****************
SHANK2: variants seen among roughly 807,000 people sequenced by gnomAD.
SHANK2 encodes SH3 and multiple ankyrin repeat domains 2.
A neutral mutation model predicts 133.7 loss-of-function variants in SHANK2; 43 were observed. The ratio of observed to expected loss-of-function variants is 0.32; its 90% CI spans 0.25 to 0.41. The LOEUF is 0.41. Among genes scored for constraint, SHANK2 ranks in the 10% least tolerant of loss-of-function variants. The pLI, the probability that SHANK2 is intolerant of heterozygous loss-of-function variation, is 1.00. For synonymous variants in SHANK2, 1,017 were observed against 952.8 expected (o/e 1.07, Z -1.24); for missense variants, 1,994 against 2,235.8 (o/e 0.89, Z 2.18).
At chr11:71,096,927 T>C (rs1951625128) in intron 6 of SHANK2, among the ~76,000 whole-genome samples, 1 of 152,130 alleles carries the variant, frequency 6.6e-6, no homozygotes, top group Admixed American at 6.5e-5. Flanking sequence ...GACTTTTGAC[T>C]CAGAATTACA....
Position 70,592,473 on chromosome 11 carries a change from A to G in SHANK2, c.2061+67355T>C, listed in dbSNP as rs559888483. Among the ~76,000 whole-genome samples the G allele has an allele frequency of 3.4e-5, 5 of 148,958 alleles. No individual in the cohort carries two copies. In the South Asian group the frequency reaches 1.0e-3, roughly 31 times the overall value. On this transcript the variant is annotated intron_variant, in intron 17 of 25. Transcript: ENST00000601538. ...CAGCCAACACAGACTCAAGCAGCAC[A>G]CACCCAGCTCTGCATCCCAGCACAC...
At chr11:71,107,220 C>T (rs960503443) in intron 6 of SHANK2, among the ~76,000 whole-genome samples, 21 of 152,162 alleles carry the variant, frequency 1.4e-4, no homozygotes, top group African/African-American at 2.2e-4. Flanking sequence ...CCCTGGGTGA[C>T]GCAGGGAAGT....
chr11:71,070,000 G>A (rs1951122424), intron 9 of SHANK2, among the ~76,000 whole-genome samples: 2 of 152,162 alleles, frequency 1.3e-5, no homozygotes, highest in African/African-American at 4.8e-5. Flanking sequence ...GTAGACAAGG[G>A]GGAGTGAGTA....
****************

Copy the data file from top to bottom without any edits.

SHANK2: variants seen among roughly 807,000 people sequenced by gnomAD.
SHANK2 encodes SH3 and multiple ankyrin repeat domains 2.
A neutral mutation model predicts 133.7 loss-of-function variants in SHANK2; 43 were observed. The ratio of observed to expected loss-of-function variants is 0.32; its 90% CI spans 0.25 to 0.41. The LOEUF is 0.41. Among genes scored for constraint, SHANK2 ranks in the 10% least tolerant of loss-of-function variants. The pLI, the probability that SHANK2 is intolerant of heterozygous loss-of-function variation, is 1.00. For synonymous variants in SHANK2, 1,017 were observed against 952.8 expected (o/e 1.07, Z -1.24); for missense variants, 1,994 against 2,235.8 (o/e 0.89, Z 2.18).
At chr11:71,096,927 T>C (rs1951625128) in intron 6 of SHANK2, among the ~76,000 whole-genome samples, 1 of 152,130 alleles carries the variant, frequency 6.6e-6, no homozygotes, top group Admixed American at 6.5e-5. Flanking sequence ...GACTTTTGAC[T>C]CAGAATTACA....
Position 70,592,473 on chromosome 11 carries a change from A to G in SHANK2, c.2061+67355T>C, listed in dbSNP as rs559888483. Among the ~76,000 whole-genome samples the G allele has an allele frequency of 3.4e-5, 5 of 148,958 alleles. No individual in the cohort carries two copies. In the South Asian group the frequency reaches 1.0e-3, roughly 31 times the overall value. On this transcript the variant is annotated intron_variant, in intron 17 of 25. Transcript: ENST00000601538. ...CAGCCAACACAGACTCAAGCAGCAC[A>G]CACCCAGCTCTGCATCCCAGCACAC...
At chr11:71,107,220 C>T (rs960503443) in intron 6 of SHANK2, among the ~76,000 whole-genome samples, 21 of 152,162 alleles carry the variant, frequency 1.4e-4, no homozygotes, top group African/African-American at 2.2e-4. Flanking sequence ...CCCTGGGTGA[C>T]GCAGGGAAGT....
chr11:71,070,000 G>A (rs1951122424), intron 9 of SHANK2, among the ~76,000 whole-genome samples: 2 of 152,162 alleles, frequency 1.3e-5, no homozygotes, highest in African/African-American at 4.8e-5. Flanking sequence ...GTAGACAAGG[G>A]GGAGTGAGTA....